Christopher Dhu Larsen, who loved politics from an early age but never let its rough-and-tumble ways sully his good spirit, died peacefully at his home in Southern Pines Thursday, Dec. 14, 2017. He was 54.

Born May 28, 1963, Chris split much of his early life between Washington, D.C. and New York City. His education extended from Sidwell Friends School outside Washington to the Bronxville public school system in New York. He graduated with a bachelor’s degree in political science from American University.

Chris loved the back-and-forth of politics and moved easily among its many personalities. He went from being active in high school student government to the national scene where, in 1987, he was to head up the New Hampshire campaign of presidential hopeful U.S. Sen. Joe Biden before a scandal cut short the senator’s ambitions. Chris maintained a lifelong fervent commitment to Biden and up to the end believed the Delaware Democrat could be president.

Chris was unabashedly proud of being a liberal Democrat and believed his job was to fight for the underdog and make things right.

Chris enjoyed a successful career on Capitol Hill after college doing public relations and lobbying work for a number of clients. In 2000, he had a sudden life change when doctors discovered an aortic aneurysm, a condition that almost always causes immediate death. Chris underwent a protracted surgery, after which doctors told his family he might not walk or talk again. In time, he did both and a year later returned to work.

While in Washington, D.C., Chris developed a strong faith relationship with St. Alban’s Episcopal Church. He developed many lifelong friendships that endured even after he left Washington.

Chris eventually moved along to a career in real estate, working as an agent for Long and Foster in Washington. But it was on a 2009 visit to his mother and sister in Southern Pines that he decided he was done with the rat race of Washington. During that visit, he was driving past Pine Needles with his family when he said, “I could live here.” So he did, moving shortly afterward to a home in Pine Needles.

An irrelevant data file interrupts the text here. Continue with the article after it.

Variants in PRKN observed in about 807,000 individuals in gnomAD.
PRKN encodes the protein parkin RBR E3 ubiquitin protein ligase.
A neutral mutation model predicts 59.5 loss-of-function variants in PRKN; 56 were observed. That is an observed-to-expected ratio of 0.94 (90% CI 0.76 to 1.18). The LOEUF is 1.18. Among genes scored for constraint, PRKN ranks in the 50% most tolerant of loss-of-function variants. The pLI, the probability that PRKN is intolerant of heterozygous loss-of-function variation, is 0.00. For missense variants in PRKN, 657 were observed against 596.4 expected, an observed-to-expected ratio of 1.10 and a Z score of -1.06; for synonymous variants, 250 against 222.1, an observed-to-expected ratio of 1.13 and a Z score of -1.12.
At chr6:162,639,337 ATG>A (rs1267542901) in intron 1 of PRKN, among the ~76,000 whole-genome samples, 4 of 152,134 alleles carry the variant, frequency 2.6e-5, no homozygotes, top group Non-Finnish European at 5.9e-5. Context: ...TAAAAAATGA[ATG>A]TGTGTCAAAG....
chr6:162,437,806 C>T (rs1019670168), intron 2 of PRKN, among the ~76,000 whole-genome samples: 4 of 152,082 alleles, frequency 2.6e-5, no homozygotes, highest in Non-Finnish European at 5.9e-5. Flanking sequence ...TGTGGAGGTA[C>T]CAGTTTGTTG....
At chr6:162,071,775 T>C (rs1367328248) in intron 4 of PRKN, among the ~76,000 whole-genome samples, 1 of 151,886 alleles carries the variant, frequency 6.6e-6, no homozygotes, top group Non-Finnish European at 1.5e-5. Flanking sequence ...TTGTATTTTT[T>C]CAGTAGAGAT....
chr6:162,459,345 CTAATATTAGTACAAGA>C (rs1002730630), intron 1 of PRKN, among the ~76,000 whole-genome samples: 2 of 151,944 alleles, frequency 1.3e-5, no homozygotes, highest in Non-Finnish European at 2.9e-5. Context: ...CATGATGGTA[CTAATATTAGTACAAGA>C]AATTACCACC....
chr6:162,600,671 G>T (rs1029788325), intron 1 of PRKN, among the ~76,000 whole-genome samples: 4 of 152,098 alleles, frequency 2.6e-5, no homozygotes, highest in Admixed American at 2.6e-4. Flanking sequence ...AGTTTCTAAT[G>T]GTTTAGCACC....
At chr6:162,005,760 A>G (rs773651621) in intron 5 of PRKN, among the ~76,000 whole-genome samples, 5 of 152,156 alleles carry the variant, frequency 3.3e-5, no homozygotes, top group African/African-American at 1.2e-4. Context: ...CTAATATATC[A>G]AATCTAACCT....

Moving to Southern Pines was like starting a new life for Chris. After his surgery in 2000, he knew how precious time was and he made a point of enjoying every moment he was given here. His personality was warm and open to all.

Chris enjoyed a lifetime love of reading and collected books like few others. But unlike some, he read everything he had, sometimes two and three at a time. A number of mornings would find him on his back deck in the sunshine, reading a newspaper with a couple of books nearby.

Chris also loved food — cooking, eating and, most importantly, sharing. He was forever collecting cookbooks and trying new recipes that always contained one extra little twist. In the fall, he loved to compete in the Emmanuel Episcopal chili cook-off contest. He never won — his entries always seemingly one tweak too many — but he loved the fellowship and good-natured competition.

Chris had a deep and abiding faith in God and the Episcopal Church in particular. He quickly attached himself to Emmanuel soon after moving here and served the church in a number of roles, including as the church’s senior warden. He worked side-by-side with church diocesan leaders on several matters but always maintained a good humor.

Chris will mostly be known around town as a man who loved to just hang out, whether it was in The Country Bookshop, the Jefferson Inn or Neville’s. He was always one of the first patrons through the door of any new restaurant in town, but he kept a soft spot in his heart for the Bell Burger at the Pine Needles Resort restaurant. He believed in the power of this area’s local towns, its businesses and the people in them. Their success was a source of pride that he would share with friends who came to visit.

From his early days in Southern Pines, Chris was a regular column writer for The Pilot. He frequently covered local issues and loved writing more-than-occasional pieces about things he loved in town, whether it was restaurants, people or just the scenery. He loved traditions such as the annual Blessing of the Hounds, Christmas tree lightings and any parade.

On his Facebook page, Chris lists his favorite quote from his friend and former St. Alban’s priest Frank Wade: “My life has had few awards but a great many rewards, People laugh and cry with me. They share their most intimate secrets and allow me into their lives at the softest most vulnerable moments. Little children call me by my first name and adults who rarely listen to anyone, sometimes listen to me.” That was the epitome of Chris’ life.

Chris is survived by his mother, Mary Lee Shanahan, and sister, Brooke Larsen, both of Southern Pines, and his dogs Pepper and Ginger, who were an equal source of love and bedevilment for Chris.

A memorial service and celebration of Chris’ life will be held Wednesday, Dec. 20, at 1:30 p.m. at Emmanuel Episcopal Church in Southern Pines. A reception will be held afterward at the church.

In lieu of flowers, memorials may be made to Emmanuel Episcopal Church or the Penick Village Foundation.

Powell Funeral Home in Southern Pines is assisting the family.

Online condolences:

Mr. Larsen’s family and friends are in our thoughts and prayers at Sandhills Sentinel.

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